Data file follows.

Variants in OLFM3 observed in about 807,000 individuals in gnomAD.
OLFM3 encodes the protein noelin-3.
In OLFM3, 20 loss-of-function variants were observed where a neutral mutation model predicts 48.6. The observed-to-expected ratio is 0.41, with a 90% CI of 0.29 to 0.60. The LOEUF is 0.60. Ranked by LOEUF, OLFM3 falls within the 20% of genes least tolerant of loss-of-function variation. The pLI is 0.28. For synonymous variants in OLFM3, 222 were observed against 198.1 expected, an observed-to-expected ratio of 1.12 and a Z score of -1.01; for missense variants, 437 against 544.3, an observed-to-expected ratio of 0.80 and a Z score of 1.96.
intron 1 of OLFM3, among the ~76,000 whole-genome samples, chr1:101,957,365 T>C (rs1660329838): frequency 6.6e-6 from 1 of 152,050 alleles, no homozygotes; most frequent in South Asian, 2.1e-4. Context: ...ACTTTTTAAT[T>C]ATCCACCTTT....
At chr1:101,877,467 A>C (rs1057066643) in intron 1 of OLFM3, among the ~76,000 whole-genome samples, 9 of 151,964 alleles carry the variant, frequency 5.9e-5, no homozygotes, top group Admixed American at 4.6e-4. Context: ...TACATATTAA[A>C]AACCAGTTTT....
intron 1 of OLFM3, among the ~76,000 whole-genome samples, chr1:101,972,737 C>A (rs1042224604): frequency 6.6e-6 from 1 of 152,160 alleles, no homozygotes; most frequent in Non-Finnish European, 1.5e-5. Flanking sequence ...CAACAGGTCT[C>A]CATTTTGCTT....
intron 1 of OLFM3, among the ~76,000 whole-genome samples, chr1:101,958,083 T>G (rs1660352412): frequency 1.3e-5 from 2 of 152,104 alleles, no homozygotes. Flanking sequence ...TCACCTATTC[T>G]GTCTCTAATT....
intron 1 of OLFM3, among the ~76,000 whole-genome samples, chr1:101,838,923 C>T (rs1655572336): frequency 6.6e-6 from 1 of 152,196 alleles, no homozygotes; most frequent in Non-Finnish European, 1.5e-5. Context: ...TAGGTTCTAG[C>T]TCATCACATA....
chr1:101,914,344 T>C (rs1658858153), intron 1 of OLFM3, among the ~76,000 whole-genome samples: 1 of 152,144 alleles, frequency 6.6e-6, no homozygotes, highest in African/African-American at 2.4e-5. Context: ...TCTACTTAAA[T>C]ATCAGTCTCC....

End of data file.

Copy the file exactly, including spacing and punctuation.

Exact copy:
Variants in OLFM3 observed in about 807,000 individuals in gnomAD.
OLFM3 encodes the protein noelin-3.
In OLFM3, 20 loss-of-function variants were observed where a neutral mutation model predicts 48.6. The observed-to-expected ratio is 0.41, with a 90% CI of 0.29 to 0.60. The LOEUF is 0.60. Ranked by LOEUF, OLFM3 falls within the 20% of genes least tolerant of loss-of-function variation. The pLI is 0.28. For synonymous variants in OLFM3, 222 were observed against 198.1 expected, an observed-to-expected ratio of 1.12 and a Z score of -1.01; for missense variants, 437 against 544.3, an observed-to-expected ratio of 0.80 and a Z score of 1.96.
intron 1 of OLFM3, among the ~76,000 whole-genome samples, chr1:101,957,365 T>C (rs1660329838): frequency 6.6e-6 from 1 of 152,050 alleles, no homozygotes; most frequent in South Asian, 2.1e-4. Context: ...ACTTTTTAAT[T>C]ATCCACCTTT....
At chr1:101,877,467 A>C (rs1057066643) in intron 1 of OLFM3, among the ~76,000 whole-genome samples, 9 of 151,964 alleles carry the variant, frequency 5.9e-5, no homozygotes, top group Admixed American at 4.6e-4. Context: ...TACATATTAA[A>C]AACCAGTTTT....
intron 1 of OLFM3, among the ~76,000 whole-genome samples, chr1:101,972,737 C>A (rs1042224604): frequency 6.6e-6 from 1 of 152,160 alleles, no homozygotes; most frequent in Non-Finnish European, 1.5e-5. Flanking sequence ...CAACAGGTCT[C>A]CATTTTGCTT....
intron 1 of OLFM3, among the ~76,000 whole-genome samples, chr1:101,958,083 T>G (rs1660352412): frequency 1.3e-5 from 2 of 152,104 alleles, no homozygotes. Flanking sequence ...TCACCTATTC[T>G]GTCTCTAATT....
intron 1 of OLFM3, among the ~76,000 whole-genome samples, chr1:101,838,923 C>T (rs1655572336): frequency 6.6e-6 from 1 of 152,196 alleles, no homozygotes; most frequent in Non-Finnish European, 1.5e-5. Context: ...TAGGTTCTAG[C>T]TCATCACATA....
chr1:101,914,344 T>C (rs1658858153), intron 1 of OLFM3, among the ~76,000 whole-genome samples: 1 of 152,144 alleles, frequency 6.6e-6, no homozygotes, highest in African/African-American at 2.4e-5. Context: ...TCTACTTAAA[T>C]ATCAGTCTCC....